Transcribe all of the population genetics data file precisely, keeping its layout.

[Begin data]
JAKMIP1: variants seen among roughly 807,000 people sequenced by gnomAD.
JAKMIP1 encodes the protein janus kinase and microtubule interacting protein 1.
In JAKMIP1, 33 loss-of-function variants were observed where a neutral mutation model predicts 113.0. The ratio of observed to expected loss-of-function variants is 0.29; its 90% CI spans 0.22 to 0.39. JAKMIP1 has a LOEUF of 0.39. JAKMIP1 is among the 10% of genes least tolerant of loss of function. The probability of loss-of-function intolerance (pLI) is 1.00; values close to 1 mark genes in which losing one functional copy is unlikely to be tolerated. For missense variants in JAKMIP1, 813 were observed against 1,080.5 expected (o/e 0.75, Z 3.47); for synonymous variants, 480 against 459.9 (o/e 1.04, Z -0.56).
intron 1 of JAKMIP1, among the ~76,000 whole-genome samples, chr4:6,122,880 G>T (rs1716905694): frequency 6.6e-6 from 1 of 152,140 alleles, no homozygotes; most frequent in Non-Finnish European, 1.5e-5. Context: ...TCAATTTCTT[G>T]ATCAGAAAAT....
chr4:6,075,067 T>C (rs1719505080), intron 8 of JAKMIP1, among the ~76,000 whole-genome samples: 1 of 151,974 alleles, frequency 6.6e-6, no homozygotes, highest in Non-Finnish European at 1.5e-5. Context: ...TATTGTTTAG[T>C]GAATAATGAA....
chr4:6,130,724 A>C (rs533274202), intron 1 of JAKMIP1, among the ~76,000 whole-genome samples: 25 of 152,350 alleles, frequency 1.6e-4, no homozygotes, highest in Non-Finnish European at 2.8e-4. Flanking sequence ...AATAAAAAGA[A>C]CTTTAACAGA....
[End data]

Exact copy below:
JAKMIP1: variants seen among roughly 807,000 people sequenced by gnomAD.
JAKMIP1 encodes the protein janus kinase and microtubule interacting protein 1.
In JAKMIP1, 33 loss-of-function variants were observed where a neutral mutation model predicts 113.0. The ratio of observed to expected loss-of-function variants is 0.29; its 90% CI spans 0.22 to 0.39. JAKMIP1 has a LOEUF of 0.39. JAKMIP1 is among the 10% of genes least tolerant of loss of function. The probability of loss-of-function intolerance (pLI) is 1.00; values close to 1 mark genes in which losing one functional copy is unlikely to be tolerated. For missense variants in JAKMIP1, 813 were observed against 1,080.5 expected (o/e 0.75, Z 3.47); for synonymous variants, 480 against 459.9 (o/e 1.04, Z -0.56).
intron 1 of JAKMIP1, among the ~76,000 whole-genome samples, chr4:6,122,880 G>T (rs1716905694): frequency 6.6e-6 from 1 of 152,140 alleles, no homozygotes; most frequent in Non-Finnish European, 1.5e-5. Context: ...TCAATTTCTT[G>T]ATCAGAAAAT....
chr4:6,075,067 T>C (rs1719505080), intron 8 of JAKMIP1, among the ~76,000 whole-genome samples: 1 of 151,974 alleles, frequency 6.6e-6, no homozygotes, highest in Non-Finnish European at 1.5e-5. Context: ...TATTGTTTAG[T>C]GAATAATGAA....
chr4:6,130,724 A>C (rs533274202), intron 1 of JAKMIP1, among the ~76,000 whole-genome samples: 25 of 152,350 alleles, frequency 1.6e-4, no homozygotes, highest in Non-Finnish European at 2.8e-4. Flanking sequence ...AATAAAAAGA[A>C]CTTTAACAGA....